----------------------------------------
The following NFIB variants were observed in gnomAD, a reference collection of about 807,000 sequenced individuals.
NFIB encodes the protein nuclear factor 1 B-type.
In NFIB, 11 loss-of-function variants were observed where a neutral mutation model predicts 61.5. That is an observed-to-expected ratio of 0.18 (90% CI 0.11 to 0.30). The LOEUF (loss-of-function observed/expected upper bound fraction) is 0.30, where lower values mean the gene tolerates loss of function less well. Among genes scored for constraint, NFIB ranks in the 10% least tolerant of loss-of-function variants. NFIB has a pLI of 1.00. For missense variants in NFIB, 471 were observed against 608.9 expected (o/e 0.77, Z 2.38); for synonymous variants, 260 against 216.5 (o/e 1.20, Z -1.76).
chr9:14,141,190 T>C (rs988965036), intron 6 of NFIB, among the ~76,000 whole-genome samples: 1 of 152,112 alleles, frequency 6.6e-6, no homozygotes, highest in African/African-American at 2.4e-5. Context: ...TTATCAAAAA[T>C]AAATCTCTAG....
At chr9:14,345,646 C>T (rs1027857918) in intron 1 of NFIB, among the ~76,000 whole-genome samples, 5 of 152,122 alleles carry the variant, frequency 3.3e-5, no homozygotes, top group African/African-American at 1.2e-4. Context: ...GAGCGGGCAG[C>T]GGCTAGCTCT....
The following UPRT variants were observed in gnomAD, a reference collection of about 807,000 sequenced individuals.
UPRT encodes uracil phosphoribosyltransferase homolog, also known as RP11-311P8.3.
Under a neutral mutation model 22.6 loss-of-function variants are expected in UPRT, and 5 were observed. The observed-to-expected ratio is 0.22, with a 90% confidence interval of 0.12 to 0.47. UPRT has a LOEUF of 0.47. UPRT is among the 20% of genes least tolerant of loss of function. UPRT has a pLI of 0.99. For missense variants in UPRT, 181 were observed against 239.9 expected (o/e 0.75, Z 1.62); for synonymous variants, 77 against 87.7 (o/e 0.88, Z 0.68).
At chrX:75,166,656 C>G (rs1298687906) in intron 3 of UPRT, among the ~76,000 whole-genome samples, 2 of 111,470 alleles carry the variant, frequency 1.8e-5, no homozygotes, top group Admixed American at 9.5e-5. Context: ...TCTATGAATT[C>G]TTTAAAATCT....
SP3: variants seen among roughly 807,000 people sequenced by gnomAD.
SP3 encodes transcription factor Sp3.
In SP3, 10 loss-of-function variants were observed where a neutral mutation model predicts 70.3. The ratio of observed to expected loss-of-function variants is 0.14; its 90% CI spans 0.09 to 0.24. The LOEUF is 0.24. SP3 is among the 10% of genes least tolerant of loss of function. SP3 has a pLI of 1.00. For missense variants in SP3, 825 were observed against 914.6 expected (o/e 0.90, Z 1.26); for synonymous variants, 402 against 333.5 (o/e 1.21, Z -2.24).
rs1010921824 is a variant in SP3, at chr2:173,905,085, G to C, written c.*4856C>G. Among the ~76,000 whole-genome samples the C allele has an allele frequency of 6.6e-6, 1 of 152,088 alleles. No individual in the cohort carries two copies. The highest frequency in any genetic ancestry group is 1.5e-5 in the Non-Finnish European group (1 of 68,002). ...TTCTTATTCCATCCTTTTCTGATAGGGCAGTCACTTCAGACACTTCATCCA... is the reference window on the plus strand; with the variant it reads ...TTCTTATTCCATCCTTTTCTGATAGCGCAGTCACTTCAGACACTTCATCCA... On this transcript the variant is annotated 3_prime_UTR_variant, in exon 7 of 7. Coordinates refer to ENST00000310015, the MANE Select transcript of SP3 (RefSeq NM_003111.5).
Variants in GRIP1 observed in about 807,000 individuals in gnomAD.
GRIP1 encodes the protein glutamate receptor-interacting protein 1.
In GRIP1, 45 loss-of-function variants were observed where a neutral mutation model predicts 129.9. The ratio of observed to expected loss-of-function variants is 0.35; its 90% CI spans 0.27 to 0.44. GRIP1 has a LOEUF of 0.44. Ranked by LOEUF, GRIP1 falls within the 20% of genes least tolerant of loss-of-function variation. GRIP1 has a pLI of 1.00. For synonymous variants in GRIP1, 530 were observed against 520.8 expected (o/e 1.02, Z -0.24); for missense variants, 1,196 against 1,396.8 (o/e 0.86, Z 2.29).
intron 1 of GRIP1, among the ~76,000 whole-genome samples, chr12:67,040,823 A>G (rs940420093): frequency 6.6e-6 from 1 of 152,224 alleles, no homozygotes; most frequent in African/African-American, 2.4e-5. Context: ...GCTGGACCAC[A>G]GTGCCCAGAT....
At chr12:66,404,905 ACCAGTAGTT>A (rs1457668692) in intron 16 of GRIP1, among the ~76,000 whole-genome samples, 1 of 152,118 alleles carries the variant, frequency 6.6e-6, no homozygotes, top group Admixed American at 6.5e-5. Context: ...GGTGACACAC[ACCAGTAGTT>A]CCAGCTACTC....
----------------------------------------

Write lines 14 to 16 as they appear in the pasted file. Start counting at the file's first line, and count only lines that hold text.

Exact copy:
Variants in GRIP1 observed in about 807,000 individuals in gnomAD.
GRIP1 encodes the protein glutamate receptor-interacting protein 1.
In GRIP1, 45 loss-of-function variants were observed where a neutral mutation model predicts 129.9. The ratio of observed to expected loss-of-function variants is 0.35; its 90% CI spans 0.27 to 0.44. GRIP1 has a LOEUF of 0.44. Ranked by LOEUF, GRIP1 falls within the 20% of genes least tolerant of loss-of-function variation. GRIP1 has a pLI of 1.00. For synonymous variants in GRIP1, 530 were observed against 520.8 expected (o/e 1.02, Z -0.24); for missense variants, 1,196 against 1,396.8 (o/e 0.86, Z 2.29).